Make healthy choices convenient and unhealthy choices utterly inconvenient
Consistency is paramount when working toward any health goal; abstaining from cake only one time will not shed stubborn pounds.
To lose weight, lower your blood pressure, improve energy or decrease anxiety, you need to change your preferences — your daily habits — so that more often than not you are making healthy choices.
You need to be consistently healthier. It may sound obvious, but consistency falls into the life category of “simple, but not easy.”
To set yourself up for success — that is, give yourself the ability to be consistent in your health choices — live by health goalpost of convenience. Healthy choices should be convenient and easy. Unhealthy choices should be utterly inconvenient.
Making a healthy choice requires energy, concentration and mindfulness. You might be able to force yourself to work out at lunch when you have more energy, but after work — especially if you go home between work and the gym — mustering the motivation to train can feel next to impossible. Hunger, exhaustion, anger, sadness, and thirst all lower our resilience — which means it takes more energy and resolve to make a healthy choice.
Instead of being surprised by your physiological needs and emotions — we all get tired and hungry — normalize this aspect of life and take the necessary preemptory steps.
1. Set yourself up for success by making healthy choices convenient and as easy as possible.
Ensure your workout length, location, and timing are realistic; the yoga studio around the corner might be conveniently located, but if you never make a class because they are too lengthy to be convenient, the benefits are moot.
Make completing your goals as seamless and easy as possible. Put your clothes out the night before you plan to train so an early workout is relatively easy, have a training bag at work so you can always duck out to train, or set regular training dates with friends to create accountability.
2. Decrease future roadblocks by making unhealthy habits utterly inconvenient.
Most of us can be objective about our health when temptation is low. At 3 PM it is easy to say you will get up at 5 AM tomorrow, but actually getting up at 5 AM is a whole other story. Instead of expecting your future self to be superhuman and have the ability to resist all temptations, set yourself up for success. Make bad habits as inconvenient as possible so you can’t impulsively deviate from your health plan.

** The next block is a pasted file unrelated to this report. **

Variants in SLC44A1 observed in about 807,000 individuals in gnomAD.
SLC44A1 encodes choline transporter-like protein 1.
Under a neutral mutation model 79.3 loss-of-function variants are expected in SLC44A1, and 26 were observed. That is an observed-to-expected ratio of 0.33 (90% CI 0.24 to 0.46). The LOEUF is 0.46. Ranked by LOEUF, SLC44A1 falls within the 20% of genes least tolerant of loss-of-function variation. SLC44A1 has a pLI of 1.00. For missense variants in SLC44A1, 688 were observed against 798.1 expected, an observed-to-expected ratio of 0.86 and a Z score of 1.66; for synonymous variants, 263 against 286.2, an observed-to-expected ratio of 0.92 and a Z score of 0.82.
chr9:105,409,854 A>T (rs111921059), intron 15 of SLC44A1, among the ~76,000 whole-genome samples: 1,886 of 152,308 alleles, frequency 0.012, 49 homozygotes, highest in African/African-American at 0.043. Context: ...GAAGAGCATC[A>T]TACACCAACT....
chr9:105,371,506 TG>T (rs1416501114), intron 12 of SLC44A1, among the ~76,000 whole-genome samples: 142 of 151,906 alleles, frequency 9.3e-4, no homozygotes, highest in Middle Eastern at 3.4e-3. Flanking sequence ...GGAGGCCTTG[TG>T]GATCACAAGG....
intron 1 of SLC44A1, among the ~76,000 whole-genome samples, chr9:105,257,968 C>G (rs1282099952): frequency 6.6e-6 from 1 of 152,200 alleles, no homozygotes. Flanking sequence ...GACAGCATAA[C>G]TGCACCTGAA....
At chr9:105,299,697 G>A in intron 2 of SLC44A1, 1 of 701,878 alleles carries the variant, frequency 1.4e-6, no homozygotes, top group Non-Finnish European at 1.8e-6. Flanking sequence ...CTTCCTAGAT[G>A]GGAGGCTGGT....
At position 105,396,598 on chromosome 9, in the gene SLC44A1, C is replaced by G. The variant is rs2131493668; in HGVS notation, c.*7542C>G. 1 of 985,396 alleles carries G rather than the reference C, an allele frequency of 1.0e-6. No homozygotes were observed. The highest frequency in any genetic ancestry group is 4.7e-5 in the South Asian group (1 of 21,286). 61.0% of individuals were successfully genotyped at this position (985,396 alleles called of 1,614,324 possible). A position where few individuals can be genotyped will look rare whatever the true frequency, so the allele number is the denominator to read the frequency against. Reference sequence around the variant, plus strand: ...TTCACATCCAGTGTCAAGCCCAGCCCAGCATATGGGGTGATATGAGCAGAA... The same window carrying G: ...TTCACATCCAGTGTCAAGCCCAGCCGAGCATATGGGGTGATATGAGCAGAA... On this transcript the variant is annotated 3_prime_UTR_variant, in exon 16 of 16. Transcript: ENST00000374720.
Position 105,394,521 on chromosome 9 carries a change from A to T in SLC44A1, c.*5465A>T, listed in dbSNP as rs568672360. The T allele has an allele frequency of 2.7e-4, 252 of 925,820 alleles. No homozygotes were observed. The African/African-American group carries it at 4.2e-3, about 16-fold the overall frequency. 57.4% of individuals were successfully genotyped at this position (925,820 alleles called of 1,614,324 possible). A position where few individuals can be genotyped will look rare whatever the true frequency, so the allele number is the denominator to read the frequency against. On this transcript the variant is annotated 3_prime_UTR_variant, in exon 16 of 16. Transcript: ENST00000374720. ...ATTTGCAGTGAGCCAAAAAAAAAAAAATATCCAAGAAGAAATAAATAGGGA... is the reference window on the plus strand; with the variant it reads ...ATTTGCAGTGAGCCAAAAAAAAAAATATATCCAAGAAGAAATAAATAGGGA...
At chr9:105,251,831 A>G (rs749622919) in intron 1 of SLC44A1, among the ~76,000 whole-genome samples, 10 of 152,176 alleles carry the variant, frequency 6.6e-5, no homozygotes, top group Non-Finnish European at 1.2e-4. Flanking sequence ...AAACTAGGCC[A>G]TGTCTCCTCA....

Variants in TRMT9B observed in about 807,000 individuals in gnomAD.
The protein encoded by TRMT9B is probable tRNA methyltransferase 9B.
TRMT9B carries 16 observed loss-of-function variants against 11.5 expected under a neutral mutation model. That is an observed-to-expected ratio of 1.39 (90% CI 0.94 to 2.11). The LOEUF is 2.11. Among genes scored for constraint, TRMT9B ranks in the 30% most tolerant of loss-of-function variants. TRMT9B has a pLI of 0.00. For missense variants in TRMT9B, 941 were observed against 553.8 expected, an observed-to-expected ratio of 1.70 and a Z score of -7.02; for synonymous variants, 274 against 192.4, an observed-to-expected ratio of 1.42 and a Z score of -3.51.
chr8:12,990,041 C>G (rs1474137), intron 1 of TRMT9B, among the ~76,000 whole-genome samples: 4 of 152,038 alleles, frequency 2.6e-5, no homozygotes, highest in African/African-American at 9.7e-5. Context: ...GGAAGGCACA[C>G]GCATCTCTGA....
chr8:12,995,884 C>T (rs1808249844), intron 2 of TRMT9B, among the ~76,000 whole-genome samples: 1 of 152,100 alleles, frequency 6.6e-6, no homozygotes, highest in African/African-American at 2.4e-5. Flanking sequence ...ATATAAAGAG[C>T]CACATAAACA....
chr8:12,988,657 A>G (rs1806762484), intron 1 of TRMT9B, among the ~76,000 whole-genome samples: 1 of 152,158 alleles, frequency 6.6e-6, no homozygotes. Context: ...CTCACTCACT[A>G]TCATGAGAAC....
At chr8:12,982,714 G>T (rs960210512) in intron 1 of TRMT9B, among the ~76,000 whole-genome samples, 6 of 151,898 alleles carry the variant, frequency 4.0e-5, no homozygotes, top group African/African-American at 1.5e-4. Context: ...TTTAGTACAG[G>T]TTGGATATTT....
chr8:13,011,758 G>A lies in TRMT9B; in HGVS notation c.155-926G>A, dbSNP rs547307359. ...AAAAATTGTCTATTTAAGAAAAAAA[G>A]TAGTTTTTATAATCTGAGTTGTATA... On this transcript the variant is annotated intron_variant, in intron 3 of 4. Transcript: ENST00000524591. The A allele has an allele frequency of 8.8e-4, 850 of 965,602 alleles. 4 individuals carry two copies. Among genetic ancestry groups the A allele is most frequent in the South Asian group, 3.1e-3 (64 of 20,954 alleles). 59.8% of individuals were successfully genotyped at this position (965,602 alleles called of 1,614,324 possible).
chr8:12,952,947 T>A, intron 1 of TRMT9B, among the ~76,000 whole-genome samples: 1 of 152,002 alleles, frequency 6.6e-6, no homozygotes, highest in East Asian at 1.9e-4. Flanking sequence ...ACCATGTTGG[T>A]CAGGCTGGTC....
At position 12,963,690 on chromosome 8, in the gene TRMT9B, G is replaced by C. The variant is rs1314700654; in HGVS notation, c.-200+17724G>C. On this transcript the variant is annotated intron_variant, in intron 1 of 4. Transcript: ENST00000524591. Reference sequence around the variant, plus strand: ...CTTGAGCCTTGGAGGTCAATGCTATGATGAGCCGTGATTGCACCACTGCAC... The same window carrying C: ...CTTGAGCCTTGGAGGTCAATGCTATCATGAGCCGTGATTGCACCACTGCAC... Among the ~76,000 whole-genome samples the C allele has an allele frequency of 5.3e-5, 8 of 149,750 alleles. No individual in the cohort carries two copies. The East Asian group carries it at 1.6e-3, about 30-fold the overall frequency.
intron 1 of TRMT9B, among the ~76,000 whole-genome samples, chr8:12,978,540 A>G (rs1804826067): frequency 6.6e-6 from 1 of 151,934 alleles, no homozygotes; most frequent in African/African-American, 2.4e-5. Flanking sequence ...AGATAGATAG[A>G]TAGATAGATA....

Recognize your natural biases and emotional food triggers; create a plan that makes it next to impossible to fall into usual bad habits. For example, I love fudge bars. I can eat the whole box in one sitting. When I am at the grocery store the devil on my shoulder says, “Kathleen, you have enough self-control to ration these out.” My rational self knows that the future Kathleen — the tired and bored Kathleen — will not be able to resist. So, I don’t keep the bars at my house. If I want a fudge bar, I have one at my mom’s. That way I can enjoy one with her without consuming all six in a late-night binge.
Decide in advance — when you are level-headed — what you will do when your future self wants to deviate from your health plan. Create “if … then” statements in advance about how you will handle any “landmine” health situations. If I want to eat a treat at a party, then I will make myself wait 15 minutes before indulging. If I decide to indulge after 15 minutes, then I will restrict myself to a portion the size of my thumb. If I want to eat in front of the TV, then I will knit instead. If I book a dinner out, then I will look at the menu before I go and decide in advance what I will eat. When I arrive I will not look at the menu; I will just order my predetermined meal.
Main take-away: Set yourself up for success. Have clear goals and reasons why you are making a health change, then orchestrate your life so that healthy choices are “easy.” Demand more of yourself. Don’t beat yourself up when you fall off your health horse, but commit to always learning why you made the unhealthy choice and figuring out what you can do differently next time.
Stop looking for excuses. Instead start to look for solutions. Commit to something realistic — anything — and do it!